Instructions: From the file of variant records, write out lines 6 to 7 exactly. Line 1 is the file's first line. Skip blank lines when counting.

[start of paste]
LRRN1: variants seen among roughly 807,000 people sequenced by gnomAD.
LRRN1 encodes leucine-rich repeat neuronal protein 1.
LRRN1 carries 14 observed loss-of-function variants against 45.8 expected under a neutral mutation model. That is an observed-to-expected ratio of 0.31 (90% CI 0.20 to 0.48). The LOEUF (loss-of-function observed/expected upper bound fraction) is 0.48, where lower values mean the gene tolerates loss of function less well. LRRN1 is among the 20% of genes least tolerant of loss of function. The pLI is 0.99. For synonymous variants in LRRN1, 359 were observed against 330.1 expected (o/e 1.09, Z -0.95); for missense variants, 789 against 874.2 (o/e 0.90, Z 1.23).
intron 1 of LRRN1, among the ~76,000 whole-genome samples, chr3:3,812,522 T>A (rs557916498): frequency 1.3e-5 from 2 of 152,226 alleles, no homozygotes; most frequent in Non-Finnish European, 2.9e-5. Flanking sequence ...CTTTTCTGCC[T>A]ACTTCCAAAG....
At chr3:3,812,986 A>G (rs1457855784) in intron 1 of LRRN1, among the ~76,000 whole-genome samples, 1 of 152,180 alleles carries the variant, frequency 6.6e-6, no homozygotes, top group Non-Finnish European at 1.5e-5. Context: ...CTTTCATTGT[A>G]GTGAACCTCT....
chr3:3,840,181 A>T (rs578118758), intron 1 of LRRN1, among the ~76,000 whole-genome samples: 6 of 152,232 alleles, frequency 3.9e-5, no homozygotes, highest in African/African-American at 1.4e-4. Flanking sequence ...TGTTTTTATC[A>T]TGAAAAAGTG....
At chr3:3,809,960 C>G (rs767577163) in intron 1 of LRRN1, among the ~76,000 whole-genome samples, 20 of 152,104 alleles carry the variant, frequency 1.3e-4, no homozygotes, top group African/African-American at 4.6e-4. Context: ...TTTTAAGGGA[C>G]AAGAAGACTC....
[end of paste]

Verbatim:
chr3:3,840,181 A>T (rs578118758), intron 1 of LRRN1, among the ~76,000 whole-genome samples: 6 of 152,232 alleles, frequency 3.9e-5, no homozygotes, highest in African/African-American at 1.4e-4. Flanking sequence ...TGTTTTTATC[A>T]TGAAAAAGTG....
At chr3:3,809,960 C>G (rs767577163) in intron 1 of LRRN1, among the ~76,000 whole-genome samples, 20 of 152,104 alleles carry the variant, frequency 1.3e-4, no homozygotes, top group African/African-American at 4.6e-4. Context: ...TTTTAAGGGA[C>G]AAGAAGACTC....